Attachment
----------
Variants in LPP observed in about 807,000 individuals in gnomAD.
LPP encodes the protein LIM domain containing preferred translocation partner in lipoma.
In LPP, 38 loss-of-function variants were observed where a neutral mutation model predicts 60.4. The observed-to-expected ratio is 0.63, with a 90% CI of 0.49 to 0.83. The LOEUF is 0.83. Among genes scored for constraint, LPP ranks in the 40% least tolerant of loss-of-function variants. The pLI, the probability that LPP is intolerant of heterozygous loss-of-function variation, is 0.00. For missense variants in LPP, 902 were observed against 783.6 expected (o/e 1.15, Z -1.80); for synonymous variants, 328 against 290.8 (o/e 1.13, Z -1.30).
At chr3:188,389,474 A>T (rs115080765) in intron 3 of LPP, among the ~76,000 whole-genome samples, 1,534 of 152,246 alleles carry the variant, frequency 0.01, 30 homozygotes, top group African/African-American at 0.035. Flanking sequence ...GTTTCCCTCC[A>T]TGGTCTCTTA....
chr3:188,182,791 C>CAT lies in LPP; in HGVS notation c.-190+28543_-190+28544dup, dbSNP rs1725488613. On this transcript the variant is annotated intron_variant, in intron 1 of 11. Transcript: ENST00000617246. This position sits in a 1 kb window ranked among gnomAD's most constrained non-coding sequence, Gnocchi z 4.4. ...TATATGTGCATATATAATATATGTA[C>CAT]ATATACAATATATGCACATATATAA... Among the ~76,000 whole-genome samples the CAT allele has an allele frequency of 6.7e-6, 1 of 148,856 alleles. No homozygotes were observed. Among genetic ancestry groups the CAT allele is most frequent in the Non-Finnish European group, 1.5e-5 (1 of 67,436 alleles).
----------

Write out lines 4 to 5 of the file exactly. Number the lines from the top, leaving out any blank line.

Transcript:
At chr3:188,389,474 A>T (rs115080765) in intron 3 of LPP, among the ~76,000 whole-genome samples, 1,534 of 152,246 alleles carry the variant, frequency 0.01, 30 homozygotes, top group African/African-American at 0.035. Flanking sequence ...GTTTCCCTCC[A>T]TGGTCTCTTA....
chr3:188,182,791 C>CAT lies in LPP; in HGVS notation c.-190+28543_-190+28544dup, dbSNP rs1725488613. On this transcript the variant is annotated intron_variant, in intron 1 of 11. Transcript: ENST00000617246. This position sits in a 1 kb window ranked among gnomAD's most constrained non-coding sequence, Gnocchi z 4.4. ...TATATGTGCATATATAATATATGTA[C>CAT]ATATACAATATATGCACATATATAA... Among the ~76,000 whole-genome samples the CAT allele has an allele frequency of 6.7e-6, 1 of 148,856 alleles. No homozygotes were observed. Among genetic ancestry groups the CAT allele is most frequent in the Non-Finnish European group, 1.5e-5 (1 of 67,436 alleles).